Review by Kent Manthie
This great, psychedelic noise & sludge-fest, 10x, by Celestial Shore is a diverse work of a few different milieux, But, in the end, the result is like a mighty tasty cocktail – one with quite a kick to it! The great work that has glued together 10x, put together a really brilliant work of joy. It’s got some really mind-blowing slow stuff that, suddenly lifts up into this rocketing jam for a few minutes and then they come back to earth and back to the theme of the tune at hand. This is what makes it so good to play in his band: he demands as much out of you, in fact, more than you, yourself could ever do.
At first, the opening cut, “Stairs Under Stars” and the second song “Valerie” as well as “Coming and Going” reminded me a little bit of Athens GA’s traveling circus act, of Montreal (BTW, that’s a compliment), the latter, “Coming and Going” marking a departure point, where Celestial Shore dive into a deeper part of the pool. But don’t get me wrong: I don’t mean to say that these guys are doing anything derivative. The things that reminded me of Kevin Barnes’s traveling psychodramas were the fast and frequent time changes and the kaleidoscopic atmospherics. When the album first started playing, of Montreal was the first thing that popped into my head. Only a coincidence, though, mind you, only a coincidence.
The latter tunes, “Rabbit Hole”, “Sleep”, which is really groovy, mind you, not to mention, oh hell, I’ll just run through ’em all – “Even After”, “Car Car” and the closer, “Swimmer’s Sinking Feeling”: they all have their own uniqueness as well as a collective fit that ties them together for a fabulous album, the kind that is best listened to in one sitting, such as a whole symphony or opera (but not as long!)
I wouldn’t ever deign to call it “dance music” but that certainly doesn’t mean one can’t get an infectious groove within and go from a mere tapping of the toes to working up a gyrating sweat on a dark, cavernous dance floor – no plastic discos here, please.
One other reason this is a great work to listen to, all in one setting is that the album itself clocks in at approximately 30 minutes, which, 15-20 years ago would be considered an “EP length” album. Nowadays, though, having gone through so many new indie releases, I’ve noticed that so many new bands are now, for one reason or another, keeping their albums terse. I remember back in the late 80s and the 90s, when the CD was the king of music media that a lot of CDs coming out by various rock bands – of various subgenres – were cutting discs that had 15-18 songs on them and since, with the “new” and longer format of compact discs, one could fit up to 75 minutes of music and most of the time they would! This whole phenomenon resulted in some mixed results. In a few cases there were some genius works that had over an hour of interesting orchestrations but in many others, the CDs that some not-as-inventive bands would just fill up this new, longer-format medium with as much stuff as they could – many had some good or even great tracks, but after what should’ve – for lots of these guys – been albums that were the same length as the old paradigm of 45 minute records because after about 9 or 10 tunes, they still had a lot of space to fill out so they’d take advantage of it and even if they didn’t have anything great to round them out, they did it anyway, which made for a LOT of overdone, self-indulgent introspection or grandstanding.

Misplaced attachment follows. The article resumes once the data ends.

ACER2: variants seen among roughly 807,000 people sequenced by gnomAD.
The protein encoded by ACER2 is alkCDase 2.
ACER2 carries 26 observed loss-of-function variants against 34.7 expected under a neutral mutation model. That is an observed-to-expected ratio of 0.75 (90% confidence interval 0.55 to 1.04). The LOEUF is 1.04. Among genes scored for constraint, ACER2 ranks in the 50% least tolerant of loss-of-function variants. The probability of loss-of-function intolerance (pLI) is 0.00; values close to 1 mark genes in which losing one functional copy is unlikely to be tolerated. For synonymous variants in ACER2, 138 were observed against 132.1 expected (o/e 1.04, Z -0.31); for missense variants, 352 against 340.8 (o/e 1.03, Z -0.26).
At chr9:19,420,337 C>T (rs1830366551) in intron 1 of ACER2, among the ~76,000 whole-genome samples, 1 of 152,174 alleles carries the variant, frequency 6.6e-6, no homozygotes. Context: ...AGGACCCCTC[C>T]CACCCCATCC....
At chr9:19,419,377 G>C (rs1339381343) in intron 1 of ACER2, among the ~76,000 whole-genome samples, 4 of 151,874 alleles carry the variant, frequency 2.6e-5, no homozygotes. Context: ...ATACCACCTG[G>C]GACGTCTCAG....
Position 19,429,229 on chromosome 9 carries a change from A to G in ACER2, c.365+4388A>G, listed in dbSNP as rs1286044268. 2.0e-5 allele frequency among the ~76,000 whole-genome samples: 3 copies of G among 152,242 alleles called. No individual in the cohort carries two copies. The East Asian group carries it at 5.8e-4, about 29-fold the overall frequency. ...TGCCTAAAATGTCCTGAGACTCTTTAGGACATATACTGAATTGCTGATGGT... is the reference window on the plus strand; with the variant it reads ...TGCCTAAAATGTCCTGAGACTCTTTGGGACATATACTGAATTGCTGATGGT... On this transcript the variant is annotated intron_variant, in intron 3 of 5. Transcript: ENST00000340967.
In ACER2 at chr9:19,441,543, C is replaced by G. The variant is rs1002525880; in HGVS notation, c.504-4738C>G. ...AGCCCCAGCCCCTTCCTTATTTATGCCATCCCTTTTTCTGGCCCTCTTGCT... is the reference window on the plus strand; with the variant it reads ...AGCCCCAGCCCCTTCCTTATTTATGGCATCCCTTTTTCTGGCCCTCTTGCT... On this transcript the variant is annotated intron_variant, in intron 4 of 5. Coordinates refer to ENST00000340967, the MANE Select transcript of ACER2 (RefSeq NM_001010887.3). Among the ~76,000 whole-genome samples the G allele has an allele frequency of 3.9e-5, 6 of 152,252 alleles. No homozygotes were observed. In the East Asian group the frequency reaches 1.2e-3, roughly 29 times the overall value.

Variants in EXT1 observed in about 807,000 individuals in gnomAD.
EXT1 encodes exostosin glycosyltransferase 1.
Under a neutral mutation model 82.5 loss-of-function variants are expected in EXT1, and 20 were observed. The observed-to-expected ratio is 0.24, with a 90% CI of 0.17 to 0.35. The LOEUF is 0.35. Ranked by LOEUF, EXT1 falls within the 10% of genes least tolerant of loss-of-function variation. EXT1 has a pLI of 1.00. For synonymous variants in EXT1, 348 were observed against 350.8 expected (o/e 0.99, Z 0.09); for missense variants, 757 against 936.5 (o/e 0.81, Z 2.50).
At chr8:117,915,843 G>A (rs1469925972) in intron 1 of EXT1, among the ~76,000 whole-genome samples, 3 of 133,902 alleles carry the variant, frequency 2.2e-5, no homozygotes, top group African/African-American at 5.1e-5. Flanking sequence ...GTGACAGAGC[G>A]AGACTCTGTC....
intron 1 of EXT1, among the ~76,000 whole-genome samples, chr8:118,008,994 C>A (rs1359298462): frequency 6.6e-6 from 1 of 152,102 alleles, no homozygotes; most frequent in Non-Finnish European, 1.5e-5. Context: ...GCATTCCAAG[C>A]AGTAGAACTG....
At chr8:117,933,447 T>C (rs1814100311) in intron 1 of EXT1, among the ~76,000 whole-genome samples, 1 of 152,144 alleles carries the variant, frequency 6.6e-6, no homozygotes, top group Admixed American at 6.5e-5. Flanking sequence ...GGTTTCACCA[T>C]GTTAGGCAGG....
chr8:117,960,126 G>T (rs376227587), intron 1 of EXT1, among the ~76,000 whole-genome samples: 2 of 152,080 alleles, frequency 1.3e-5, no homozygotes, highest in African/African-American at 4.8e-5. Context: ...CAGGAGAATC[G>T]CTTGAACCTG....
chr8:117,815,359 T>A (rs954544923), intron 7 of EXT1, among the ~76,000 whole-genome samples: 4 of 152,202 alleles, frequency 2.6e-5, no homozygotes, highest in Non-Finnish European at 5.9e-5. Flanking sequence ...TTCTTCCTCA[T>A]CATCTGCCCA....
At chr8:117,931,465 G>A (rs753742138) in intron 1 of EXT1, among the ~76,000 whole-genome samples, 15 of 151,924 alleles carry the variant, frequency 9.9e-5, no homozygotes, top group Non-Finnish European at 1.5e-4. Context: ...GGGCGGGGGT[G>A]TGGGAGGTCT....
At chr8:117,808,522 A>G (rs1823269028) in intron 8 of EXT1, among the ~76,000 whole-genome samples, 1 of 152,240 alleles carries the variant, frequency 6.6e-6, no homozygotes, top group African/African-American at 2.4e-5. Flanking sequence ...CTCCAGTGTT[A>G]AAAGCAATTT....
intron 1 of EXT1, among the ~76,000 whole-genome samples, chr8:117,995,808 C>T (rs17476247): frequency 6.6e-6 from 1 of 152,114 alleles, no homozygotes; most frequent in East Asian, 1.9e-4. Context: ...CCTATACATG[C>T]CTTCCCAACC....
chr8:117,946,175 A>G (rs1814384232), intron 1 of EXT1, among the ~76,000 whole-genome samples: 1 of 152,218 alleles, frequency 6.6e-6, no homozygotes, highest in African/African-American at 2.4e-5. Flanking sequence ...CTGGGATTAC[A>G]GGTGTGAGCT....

But with the rise of the iPod and other MP3 players, which can fit, in some cases, a whole CD collection, it seems that all of the former music media – vinyl, cassette tapes and even CDs (at least manufactured, store bought CDs) are obsolete, yet quaint and now we seem to have come full circle, back to a shorter form of album. EPs are 3 or 4 songs, running about 18 minutes or so and a full-length can be anywhere between 30 minutes and 45 minutes. But what has turned out is that now music aficionados can be a lot happier with the higher quality instead of the high quantity.
Speaking of Of Montreal, they do seem to be an exception to the shorter album lengths I mentioned – my favorite of Montreal album, Skeletal Lamping, is a bit over an hour in length. But it is one that really works out fantastically in that way.
Anyway, to get back to Celestial Shore: they are really something and I want to hear more. Listening to 10x was exciting, invigorating and a real rush that tells me all’s well in the indie world. There’s definitely no shortage of inventive geniuses who can really put some great sounds together.
Go to http://www.stereogum.com for information on Celestial Shore as well as the rest of Stereogum’s roster. You can get your copy of 10x from the website as well or you can check Amazon.com instead. Somehow, though, you really gotta check this out! -KM